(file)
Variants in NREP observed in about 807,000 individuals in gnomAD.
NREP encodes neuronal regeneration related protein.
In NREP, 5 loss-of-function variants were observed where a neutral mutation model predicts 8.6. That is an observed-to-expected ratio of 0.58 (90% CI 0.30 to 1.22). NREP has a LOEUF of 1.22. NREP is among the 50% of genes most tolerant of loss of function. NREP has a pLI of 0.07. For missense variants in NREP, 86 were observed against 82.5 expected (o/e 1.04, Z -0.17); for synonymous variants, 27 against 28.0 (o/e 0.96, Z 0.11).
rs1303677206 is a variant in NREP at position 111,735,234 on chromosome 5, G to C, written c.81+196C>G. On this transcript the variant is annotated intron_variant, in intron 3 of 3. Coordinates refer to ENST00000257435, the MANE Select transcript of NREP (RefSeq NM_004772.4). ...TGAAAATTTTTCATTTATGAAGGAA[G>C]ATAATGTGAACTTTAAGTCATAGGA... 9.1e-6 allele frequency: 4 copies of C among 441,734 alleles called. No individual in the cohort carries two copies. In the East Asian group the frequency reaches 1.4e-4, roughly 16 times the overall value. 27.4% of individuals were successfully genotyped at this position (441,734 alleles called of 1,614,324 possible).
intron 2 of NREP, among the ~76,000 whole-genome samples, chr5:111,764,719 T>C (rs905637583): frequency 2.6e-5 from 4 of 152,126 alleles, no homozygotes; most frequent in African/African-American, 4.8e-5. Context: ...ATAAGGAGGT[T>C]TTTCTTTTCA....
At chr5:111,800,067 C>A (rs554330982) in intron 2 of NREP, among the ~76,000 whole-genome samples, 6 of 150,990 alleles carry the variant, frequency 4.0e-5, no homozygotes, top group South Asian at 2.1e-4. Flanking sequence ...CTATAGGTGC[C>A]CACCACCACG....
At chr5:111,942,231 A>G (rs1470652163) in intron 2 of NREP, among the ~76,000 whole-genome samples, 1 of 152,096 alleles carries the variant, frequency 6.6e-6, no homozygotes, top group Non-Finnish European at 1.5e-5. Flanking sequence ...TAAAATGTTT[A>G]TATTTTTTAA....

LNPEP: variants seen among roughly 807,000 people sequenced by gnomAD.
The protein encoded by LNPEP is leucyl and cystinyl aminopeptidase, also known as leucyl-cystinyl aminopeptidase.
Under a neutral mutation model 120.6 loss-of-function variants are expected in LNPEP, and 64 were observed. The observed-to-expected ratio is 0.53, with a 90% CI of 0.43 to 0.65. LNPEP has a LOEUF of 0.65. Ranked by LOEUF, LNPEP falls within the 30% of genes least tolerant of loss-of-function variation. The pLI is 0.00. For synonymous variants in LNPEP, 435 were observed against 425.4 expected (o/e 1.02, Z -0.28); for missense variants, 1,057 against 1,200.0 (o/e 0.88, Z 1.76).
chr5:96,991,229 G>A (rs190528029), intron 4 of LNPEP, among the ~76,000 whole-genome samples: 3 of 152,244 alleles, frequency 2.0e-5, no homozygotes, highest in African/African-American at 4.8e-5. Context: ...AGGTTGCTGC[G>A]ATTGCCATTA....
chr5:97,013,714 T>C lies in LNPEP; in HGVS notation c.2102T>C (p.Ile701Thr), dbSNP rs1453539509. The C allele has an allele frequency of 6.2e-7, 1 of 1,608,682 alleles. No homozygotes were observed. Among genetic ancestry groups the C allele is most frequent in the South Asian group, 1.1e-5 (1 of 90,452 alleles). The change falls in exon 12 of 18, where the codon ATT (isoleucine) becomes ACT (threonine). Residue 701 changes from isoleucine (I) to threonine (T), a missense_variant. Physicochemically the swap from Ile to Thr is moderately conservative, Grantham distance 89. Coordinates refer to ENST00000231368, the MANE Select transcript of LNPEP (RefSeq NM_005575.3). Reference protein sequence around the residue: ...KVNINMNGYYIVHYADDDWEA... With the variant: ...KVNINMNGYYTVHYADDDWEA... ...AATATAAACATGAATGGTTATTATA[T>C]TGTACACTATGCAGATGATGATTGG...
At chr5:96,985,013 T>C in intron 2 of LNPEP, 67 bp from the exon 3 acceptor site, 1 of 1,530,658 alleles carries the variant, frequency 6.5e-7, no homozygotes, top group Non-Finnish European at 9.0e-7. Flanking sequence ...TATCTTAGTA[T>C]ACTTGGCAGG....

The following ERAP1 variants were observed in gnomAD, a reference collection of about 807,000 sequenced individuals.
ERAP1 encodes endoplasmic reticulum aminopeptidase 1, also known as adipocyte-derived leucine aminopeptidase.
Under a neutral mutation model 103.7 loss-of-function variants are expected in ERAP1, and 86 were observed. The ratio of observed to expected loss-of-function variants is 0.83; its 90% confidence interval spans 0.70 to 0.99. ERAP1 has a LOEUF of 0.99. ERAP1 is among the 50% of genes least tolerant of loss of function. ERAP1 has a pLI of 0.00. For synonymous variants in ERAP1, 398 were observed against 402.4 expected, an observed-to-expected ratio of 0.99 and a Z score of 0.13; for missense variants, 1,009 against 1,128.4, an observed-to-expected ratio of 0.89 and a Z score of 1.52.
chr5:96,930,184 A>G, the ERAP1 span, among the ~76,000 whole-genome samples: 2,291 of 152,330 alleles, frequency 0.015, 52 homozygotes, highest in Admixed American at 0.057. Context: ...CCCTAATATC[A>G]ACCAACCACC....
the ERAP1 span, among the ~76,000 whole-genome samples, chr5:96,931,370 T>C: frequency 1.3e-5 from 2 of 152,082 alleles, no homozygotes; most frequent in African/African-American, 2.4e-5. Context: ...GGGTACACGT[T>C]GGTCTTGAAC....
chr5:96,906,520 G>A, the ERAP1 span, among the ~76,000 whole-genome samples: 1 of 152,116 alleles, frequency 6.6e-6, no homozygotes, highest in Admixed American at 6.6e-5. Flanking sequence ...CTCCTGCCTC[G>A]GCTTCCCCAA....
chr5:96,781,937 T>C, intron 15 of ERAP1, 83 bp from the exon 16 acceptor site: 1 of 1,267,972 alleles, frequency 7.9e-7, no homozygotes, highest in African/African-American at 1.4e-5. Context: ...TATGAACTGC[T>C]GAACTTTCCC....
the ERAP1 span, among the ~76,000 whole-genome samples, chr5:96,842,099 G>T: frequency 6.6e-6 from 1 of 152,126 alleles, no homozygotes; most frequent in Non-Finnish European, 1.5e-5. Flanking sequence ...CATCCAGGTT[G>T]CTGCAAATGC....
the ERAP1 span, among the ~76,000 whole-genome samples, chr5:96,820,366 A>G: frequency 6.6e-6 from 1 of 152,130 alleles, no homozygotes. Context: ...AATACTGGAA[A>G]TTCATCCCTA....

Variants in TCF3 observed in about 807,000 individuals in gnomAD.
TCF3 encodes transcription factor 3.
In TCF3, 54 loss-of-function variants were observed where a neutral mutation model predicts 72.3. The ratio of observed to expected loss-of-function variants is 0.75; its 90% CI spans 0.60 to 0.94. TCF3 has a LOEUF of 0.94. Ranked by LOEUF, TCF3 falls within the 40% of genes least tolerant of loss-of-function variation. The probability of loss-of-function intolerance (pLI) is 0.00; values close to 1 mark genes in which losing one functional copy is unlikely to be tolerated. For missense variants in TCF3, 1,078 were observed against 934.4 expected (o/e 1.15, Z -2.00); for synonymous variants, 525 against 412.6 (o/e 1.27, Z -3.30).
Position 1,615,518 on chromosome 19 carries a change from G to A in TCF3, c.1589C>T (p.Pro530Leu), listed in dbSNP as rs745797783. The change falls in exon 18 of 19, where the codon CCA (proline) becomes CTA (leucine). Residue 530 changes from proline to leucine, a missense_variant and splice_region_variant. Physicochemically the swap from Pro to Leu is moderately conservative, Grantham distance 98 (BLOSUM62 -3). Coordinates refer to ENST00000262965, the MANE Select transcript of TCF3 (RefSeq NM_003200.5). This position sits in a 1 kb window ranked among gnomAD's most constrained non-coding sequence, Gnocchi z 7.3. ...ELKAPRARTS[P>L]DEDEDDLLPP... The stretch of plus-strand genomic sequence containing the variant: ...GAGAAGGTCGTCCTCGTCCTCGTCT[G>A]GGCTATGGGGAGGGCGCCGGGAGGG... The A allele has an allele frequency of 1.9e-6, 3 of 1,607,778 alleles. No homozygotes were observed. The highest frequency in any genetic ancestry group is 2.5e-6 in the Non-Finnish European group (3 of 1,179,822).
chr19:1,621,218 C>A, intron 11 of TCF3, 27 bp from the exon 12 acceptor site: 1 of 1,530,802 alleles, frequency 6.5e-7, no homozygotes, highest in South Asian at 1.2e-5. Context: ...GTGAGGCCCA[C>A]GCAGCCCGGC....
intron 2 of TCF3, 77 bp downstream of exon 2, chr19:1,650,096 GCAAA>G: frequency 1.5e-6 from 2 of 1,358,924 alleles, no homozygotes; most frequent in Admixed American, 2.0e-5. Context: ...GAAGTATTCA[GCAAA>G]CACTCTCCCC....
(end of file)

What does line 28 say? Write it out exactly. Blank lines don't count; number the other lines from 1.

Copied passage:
intron 2 of TCF3, 77 bp downstream of exon 2, chr19:1,650,096 GCAAA>G: frequency 1.5e-6 from 2 of 1,358,924 alleles, no homozygotes; most frequent in Admixed American, 2.0e-5. Context: ...GAAGTATTCA[GCAAA>G]CACTCTCCCC....